by Steve Mistler, staff writer
AUGUSTA — The Legislature voted Tuesday to enact a bill that would allow certain-sized towns to decide whether to follow the state law that mandates minimum energy efficiency and building standards for construction projects.
The House voted 76-71 and the Senate voted 21-12 to increase the population threshold for municipalities that can choose not to participate in the Maine Uniform Building and Energy Codes, a 2008 law enacted to promote energy efficiency and consistent construction standards for contractors.
LD 1416 would allow towns with fewer than 4,000 residents to withdraw from the program.
Current law requires all towns with more than 2,000 people to enforce the code. Towns below that threshold don’t have to enforce the code; however, the standards still exist for contractors.
Opponents of LD 1416 say the bill would not only allow towns with fewer than 4,000 to opt out, it would strip the existing standard.
Proponents say current law is too strict and costly and cannot be effectively enforced. They say it’s also cost-prohibitive for poorer families who choose to do their own construction.
Supporters of the current law say it puts Maine on the path toward energy efficiency and creates a consistent standard among contractors.
The issue appears to have divided the construction industry.
Some firms argued that the law increased project costs and stifled new development.
However, the Maine Contractors & Builders Alliance, representing 175 builders in the mid-coast region, said the Maine Uniform Building and Energy Codes leveled the playing field among contractors by making it so some builders couldn’t undercut job bids by using substandard materials such as thinner framing boards or cheaper insulation.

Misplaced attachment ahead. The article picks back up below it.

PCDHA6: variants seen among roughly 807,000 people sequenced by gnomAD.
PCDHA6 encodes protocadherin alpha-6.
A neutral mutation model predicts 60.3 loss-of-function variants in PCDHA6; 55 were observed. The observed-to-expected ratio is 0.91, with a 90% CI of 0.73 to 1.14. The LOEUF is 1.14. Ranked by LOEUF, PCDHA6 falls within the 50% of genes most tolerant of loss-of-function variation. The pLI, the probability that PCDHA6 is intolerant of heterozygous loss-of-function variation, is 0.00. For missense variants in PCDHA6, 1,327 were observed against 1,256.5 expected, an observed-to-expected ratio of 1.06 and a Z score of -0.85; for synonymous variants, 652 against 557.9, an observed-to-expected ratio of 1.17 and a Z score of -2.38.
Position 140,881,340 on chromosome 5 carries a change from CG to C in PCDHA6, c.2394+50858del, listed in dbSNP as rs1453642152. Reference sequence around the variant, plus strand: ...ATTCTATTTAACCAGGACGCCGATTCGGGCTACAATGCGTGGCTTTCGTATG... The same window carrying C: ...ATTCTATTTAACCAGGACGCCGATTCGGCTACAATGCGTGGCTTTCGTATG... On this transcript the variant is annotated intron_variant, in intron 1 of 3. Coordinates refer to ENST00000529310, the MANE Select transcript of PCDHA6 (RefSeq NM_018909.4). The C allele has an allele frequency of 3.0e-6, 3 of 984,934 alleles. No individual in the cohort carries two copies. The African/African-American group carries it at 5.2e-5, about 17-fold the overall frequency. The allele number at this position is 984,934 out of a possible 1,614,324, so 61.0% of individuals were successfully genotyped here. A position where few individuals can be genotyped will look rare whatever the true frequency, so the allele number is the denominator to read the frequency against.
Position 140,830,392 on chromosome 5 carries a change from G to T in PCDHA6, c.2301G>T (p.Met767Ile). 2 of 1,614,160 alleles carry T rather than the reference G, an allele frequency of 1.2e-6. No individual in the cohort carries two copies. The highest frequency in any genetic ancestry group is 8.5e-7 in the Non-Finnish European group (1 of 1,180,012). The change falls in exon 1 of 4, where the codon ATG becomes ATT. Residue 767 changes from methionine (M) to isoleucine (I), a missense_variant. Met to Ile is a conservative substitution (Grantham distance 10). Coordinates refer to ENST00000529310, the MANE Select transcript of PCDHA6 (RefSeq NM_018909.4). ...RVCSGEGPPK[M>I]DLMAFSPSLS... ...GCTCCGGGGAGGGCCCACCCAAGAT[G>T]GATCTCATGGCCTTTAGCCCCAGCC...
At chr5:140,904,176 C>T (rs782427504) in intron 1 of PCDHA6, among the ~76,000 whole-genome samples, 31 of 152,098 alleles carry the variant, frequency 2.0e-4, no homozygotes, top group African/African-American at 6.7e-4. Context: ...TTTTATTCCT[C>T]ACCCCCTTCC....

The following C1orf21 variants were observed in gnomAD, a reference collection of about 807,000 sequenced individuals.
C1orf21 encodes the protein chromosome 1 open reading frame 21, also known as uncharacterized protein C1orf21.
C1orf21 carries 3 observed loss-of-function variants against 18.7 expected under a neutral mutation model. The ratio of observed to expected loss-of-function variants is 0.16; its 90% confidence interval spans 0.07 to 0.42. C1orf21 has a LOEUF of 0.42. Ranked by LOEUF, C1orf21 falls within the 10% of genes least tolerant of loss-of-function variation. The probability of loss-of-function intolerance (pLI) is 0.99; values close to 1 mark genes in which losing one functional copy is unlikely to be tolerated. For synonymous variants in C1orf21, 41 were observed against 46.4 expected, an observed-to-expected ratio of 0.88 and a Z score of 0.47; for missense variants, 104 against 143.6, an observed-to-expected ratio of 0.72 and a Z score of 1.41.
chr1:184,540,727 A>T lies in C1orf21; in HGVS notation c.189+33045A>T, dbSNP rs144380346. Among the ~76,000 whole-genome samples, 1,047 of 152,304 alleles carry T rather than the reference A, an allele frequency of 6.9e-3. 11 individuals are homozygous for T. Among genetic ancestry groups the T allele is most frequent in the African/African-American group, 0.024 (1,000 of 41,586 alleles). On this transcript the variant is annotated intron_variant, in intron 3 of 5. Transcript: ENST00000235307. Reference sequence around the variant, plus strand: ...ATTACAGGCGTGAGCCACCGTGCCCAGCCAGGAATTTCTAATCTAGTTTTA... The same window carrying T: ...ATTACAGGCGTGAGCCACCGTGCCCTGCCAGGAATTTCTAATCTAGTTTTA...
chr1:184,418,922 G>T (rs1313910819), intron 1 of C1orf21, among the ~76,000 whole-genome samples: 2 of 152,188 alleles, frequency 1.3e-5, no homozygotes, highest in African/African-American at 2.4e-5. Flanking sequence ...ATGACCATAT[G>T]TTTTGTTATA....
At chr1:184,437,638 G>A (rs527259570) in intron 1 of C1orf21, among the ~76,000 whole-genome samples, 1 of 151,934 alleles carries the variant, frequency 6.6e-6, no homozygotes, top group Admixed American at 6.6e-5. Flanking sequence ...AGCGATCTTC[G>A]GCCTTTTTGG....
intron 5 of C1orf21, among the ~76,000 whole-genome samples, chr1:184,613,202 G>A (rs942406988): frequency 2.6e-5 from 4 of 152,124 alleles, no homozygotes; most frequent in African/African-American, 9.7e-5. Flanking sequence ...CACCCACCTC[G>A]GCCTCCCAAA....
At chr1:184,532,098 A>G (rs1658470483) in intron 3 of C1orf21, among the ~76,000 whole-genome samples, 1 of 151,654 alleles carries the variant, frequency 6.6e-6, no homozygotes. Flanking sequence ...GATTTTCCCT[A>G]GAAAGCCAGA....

During the bill’s public hearing, the Maine Municipal Association testified that it did not want the uniform building code to apply to some towns and not others.
Environmental groups also opposed the bill. They argued that the energy savings reached through current standards paid for the upfront costs.
The House voted mostly along party lines, with Republicans supporting the change.
Democrats argued that current law already allows 324 of Maine’s 496 towns to not enforce uniform building code standards. LD 1416, they argued, would not only remove the enforcement provision for more than 400 towns but would make optional for those same municipalities to adopt the standard as a guideline for construction.
Gov. Paul LePage supports the change. The governor initially included the proposal in his amendment to LD 1, the regulatory reform law signed by LePage on Monday.
In April, a coalition of architects and builders representing 1,500 businesses sent a letter to LePage urging the governor not to change the building code law.
The letter noted that more than 40 states have a uniform building code requirement and that the Maine standards “will increase the quality of residential and commercial buildings” as the construction industry rebounds from the recession.
The coalition also argued that the building code’s weatherization standards saved money by reducing Mainers’s reliance on federal low-income heating programs.